RUSSIA accused Syrian rebels of using chemical weapons in an attack on Tuesday and said it was an extremely alarming and dangerous development.
"According to information coming from Damascus, a case of the use of chemical weapons by the armed opposition was recorded early in the morning of March 19 in Aleppo province," the Russian Foreign Ministry said in a statement.
It did not specify the exact source of information on the deadly attack, which Syrian President Bashar al-Assad's government and the rebels blamed on one another. It said the explosion of a piece of ammunition "containing a poisonous substance" killed 16 people and wounded about 100 others.
If confirmed, the attack would be the first use of chemical weapons in the two-year-old conflict that has killed more than 70,000 people and set Russia against the West.
"We are very seriously concerned by the fact that weapons of mass destruction are falling into the hands of the rebels, which further worsens the situation in Syria and elevates the confrontation in the country to a new level," the ministry said.
Russia has warned Assad's government not to use chemical weapons and said in December that Damascus had taken steps to ensure that chemical agents were secure by concentrating them at a smaller number of sites.
Moscow has protected Assad from threats of sanctions to press him to end violence, vetoing three Western-backed U.N. Security Council resolutions. It says his exit from power must not be a precondition for a political settlement.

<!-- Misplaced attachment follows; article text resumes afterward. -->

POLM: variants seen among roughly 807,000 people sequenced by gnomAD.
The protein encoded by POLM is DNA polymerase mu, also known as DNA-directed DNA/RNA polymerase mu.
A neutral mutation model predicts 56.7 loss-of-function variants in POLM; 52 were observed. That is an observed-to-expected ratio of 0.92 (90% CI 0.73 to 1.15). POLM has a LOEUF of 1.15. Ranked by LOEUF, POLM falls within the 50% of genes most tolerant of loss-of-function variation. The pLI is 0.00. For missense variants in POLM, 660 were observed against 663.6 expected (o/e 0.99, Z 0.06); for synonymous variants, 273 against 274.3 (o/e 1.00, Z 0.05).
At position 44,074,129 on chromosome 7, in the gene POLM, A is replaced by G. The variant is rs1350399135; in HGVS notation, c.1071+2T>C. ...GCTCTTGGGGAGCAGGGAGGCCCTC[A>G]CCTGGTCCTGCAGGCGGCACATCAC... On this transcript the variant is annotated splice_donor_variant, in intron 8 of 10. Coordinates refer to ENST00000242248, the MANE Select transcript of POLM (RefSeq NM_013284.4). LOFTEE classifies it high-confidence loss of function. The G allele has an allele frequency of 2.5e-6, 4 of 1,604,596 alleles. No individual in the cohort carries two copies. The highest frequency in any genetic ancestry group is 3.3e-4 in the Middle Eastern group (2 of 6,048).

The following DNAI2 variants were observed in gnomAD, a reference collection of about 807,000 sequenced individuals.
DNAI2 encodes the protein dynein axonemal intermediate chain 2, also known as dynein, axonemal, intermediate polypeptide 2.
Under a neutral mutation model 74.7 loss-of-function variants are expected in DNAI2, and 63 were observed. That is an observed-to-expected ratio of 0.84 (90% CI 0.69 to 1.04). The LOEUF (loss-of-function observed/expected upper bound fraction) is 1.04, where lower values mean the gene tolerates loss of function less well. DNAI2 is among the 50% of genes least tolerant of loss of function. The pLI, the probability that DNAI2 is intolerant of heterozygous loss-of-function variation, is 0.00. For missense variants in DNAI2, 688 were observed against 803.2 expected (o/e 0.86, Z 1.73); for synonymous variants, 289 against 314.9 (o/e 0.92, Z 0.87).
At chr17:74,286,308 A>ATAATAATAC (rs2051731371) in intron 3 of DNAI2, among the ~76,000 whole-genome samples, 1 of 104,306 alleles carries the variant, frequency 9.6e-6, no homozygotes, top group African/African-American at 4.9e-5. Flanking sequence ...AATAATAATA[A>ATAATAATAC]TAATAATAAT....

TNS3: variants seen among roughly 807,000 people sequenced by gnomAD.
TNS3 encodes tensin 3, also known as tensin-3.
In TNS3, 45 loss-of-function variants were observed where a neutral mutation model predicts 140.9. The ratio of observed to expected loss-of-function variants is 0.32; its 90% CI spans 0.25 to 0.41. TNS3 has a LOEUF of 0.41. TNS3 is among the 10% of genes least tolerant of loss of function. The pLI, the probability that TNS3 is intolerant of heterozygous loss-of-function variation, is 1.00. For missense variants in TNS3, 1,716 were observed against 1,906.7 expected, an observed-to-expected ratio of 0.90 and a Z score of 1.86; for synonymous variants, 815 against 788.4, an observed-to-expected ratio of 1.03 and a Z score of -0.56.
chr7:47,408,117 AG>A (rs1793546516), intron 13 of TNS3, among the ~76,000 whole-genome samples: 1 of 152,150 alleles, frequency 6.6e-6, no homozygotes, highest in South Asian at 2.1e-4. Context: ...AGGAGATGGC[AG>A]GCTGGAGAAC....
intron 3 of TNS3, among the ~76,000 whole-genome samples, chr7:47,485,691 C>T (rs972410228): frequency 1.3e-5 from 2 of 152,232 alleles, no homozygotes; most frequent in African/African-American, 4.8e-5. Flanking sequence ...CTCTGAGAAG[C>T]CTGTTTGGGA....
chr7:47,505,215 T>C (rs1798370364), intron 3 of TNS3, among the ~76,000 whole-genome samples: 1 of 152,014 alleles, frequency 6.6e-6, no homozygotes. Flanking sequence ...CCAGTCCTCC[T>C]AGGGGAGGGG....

The White House said that it was looking carefully at any allegations of chemical weapons use in Syria.
Britain's U.N. envoy said that reports of a chemical weapon attack in Syria had not yet been "fully verified" as the Russian Foreign Ministry accused Syrian rebels of using chemical weapons near the northern city of Aleppo.
"We have seen those reports, they haven't yet been fully verified," Britain's U.N. Ambassador Mark Lyall Grant told reporters on his way into a UN. Security Council meeting on Afghanistan.
"But clearly if chemical weapons were used then that would be abhorrent and it would require a serious response from the international community," he said.
Turkish Prime Minister Tayyip Erdogan rejected the accusation from Syria that Turkey bore responsibility for a possible chemical attack in the northern province of Aleppo.
"Turkey has never been in a situation in which it used chemical weapons. There are no chemical weapons in our inventory," Erdogan told reporters.
"The Syrian regime doesn't know what it's saying about Turkey."
Syrian Information Minister Omran al-Zoabi said earlier that Turkey and Qatar, which have supported rebels fighting President Bashar al-Assad, bore "legal, moral and political responsibility" for the attack, state television reported.
The minister said rebels had fired a rocket carrying chemical agents that killed 16 people and wounded 86. State television said later the death toll had risen to 25.